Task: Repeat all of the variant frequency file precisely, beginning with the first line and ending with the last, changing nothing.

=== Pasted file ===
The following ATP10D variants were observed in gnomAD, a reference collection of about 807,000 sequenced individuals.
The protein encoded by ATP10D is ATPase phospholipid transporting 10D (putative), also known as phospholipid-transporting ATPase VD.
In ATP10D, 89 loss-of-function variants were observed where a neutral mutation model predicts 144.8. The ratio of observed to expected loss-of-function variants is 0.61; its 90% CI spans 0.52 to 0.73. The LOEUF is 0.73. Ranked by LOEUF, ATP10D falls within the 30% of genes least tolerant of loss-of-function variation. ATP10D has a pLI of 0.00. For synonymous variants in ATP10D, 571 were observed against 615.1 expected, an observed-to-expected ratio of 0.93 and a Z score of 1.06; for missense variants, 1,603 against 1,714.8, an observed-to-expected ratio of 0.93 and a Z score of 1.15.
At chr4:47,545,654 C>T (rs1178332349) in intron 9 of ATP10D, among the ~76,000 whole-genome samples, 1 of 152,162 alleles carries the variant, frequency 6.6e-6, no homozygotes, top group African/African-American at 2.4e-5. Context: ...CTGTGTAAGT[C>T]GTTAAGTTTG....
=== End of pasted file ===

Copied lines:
The following ATP10D variants were observed in gnomAD, a reference collection of about 807,000 sequenced individuals.
The protein encoded by ATP10D is ATPase phospholipid transporting 10D (putative), also known as phospholipid-transporting ATPase VD.
In ATP10D, 89 loss-of-function variants were observed where a neutral mutation model predicts 144.8. The ratio of observed to expected loss-of-function variants is 0.61; its 90% CI spans 0.52 to 0.73. The LOEUF is 0.73. Ranked by LOEUF, ATP10D falls within the 30% of genes least tolerant of loss-of-function variation. ATP10D has a pLI of 0.00. For synonymous variants in ATP10D, 571 were observed against 615.1 expected, an observed-to-expected ratio of 0.93 and a Z score of 1.06; for missense variants, 1,603 against 1,714.8, an observed-to-expected ratio of 0.93 and a Z score of 1.15.
At chr4:47,545,654 C>T (rs1178332349) in intron 9 of ATP10D, among the ~76,000 whole-genome samples, 1 of 152,162 alleles carries the variant, frequency 6.6e-6, no homozygotes, top group African/African-American at 2.4e-5. Context: ...CTGTGTAAGT[C>T]GTTAAGTTTG....